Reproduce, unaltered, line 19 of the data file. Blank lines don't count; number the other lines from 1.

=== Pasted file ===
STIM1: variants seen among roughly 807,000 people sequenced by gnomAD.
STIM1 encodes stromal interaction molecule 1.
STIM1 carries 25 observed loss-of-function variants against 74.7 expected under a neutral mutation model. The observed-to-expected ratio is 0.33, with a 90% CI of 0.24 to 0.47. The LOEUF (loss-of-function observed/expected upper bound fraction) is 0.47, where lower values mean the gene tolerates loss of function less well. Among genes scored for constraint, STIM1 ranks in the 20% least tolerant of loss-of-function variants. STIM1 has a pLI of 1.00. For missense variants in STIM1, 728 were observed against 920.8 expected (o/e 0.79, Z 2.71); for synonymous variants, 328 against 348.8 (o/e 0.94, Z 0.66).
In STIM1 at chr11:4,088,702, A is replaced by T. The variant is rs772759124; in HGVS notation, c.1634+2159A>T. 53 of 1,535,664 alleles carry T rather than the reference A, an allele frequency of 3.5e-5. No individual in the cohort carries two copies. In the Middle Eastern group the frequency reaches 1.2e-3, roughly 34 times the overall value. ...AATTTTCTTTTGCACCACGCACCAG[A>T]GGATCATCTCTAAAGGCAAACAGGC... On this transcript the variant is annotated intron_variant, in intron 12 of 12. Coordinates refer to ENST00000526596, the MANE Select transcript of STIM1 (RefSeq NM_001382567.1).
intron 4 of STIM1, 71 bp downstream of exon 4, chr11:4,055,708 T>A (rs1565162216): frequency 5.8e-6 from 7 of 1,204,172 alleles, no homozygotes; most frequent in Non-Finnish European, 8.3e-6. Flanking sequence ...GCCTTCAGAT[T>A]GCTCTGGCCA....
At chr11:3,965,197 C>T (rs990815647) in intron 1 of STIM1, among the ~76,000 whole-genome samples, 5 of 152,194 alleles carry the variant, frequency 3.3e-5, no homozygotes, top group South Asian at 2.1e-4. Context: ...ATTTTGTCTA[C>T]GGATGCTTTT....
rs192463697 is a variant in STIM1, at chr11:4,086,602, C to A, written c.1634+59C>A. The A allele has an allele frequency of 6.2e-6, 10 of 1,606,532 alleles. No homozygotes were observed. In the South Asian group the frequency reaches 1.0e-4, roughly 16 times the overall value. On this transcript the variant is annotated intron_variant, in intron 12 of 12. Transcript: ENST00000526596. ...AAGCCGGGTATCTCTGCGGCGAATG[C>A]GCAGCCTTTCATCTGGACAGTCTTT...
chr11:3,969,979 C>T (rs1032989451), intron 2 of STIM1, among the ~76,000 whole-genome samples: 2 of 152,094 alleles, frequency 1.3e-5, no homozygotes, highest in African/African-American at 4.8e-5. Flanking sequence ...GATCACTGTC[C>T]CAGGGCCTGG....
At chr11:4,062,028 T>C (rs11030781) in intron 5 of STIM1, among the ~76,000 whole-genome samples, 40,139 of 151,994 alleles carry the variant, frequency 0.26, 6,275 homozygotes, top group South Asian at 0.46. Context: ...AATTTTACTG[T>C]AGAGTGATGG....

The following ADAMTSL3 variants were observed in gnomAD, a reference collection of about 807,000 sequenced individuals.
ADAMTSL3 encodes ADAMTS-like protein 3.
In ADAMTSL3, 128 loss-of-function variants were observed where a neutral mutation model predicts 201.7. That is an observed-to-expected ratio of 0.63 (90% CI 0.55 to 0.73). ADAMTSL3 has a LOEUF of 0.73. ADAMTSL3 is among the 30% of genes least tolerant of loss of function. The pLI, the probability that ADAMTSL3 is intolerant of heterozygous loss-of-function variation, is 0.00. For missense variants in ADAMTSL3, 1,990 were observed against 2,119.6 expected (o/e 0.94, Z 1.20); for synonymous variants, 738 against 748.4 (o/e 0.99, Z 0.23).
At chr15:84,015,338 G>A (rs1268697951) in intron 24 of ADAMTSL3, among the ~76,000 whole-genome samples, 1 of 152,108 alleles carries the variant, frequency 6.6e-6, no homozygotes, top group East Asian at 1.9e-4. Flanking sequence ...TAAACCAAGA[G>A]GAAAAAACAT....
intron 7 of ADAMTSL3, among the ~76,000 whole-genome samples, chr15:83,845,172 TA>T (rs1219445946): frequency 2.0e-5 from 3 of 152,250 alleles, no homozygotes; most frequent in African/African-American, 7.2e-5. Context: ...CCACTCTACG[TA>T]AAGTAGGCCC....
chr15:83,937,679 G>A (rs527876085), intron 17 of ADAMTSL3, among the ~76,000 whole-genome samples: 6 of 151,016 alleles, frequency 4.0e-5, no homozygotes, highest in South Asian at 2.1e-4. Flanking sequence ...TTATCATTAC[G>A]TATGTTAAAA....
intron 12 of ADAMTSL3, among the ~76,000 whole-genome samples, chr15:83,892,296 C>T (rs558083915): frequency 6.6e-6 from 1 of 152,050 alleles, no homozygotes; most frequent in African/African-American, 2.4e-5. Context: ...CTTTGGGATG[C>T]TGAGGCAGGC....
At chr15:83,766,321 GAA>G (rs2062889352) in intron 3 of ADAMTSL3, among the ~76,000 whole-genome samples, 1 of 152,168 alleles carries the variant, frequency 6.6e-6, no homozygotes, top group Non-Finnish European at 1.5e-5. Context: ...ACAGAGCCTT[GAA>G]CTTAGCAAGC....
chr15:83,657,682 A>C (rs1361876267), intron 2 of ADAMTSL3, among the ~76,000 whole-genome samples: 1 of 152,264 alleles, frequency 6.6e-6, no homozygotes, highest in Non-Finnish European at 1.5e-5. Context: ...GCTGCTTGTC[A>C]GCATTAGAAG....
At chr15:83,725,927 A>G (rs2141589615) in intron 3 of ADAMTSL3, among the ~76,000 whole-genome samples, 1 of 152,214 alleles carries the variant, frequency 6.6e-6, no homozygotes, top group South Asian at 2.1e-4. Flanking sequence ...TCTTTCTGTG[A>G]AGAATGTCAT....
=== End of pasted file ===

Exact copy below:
At chr15:83,725,927 A>G (rs2141589615) in intron 3 of ADAMTSL3, among the ~76,000 whole-genome samples, 1 of 152,214 alleles carries the variant, frequency 6.6e-6, no homozygotes, top group South Asian at 2.1e-4. Flanking sequence ...TCTTTCTGTG[A>G]AGAATGTCAT....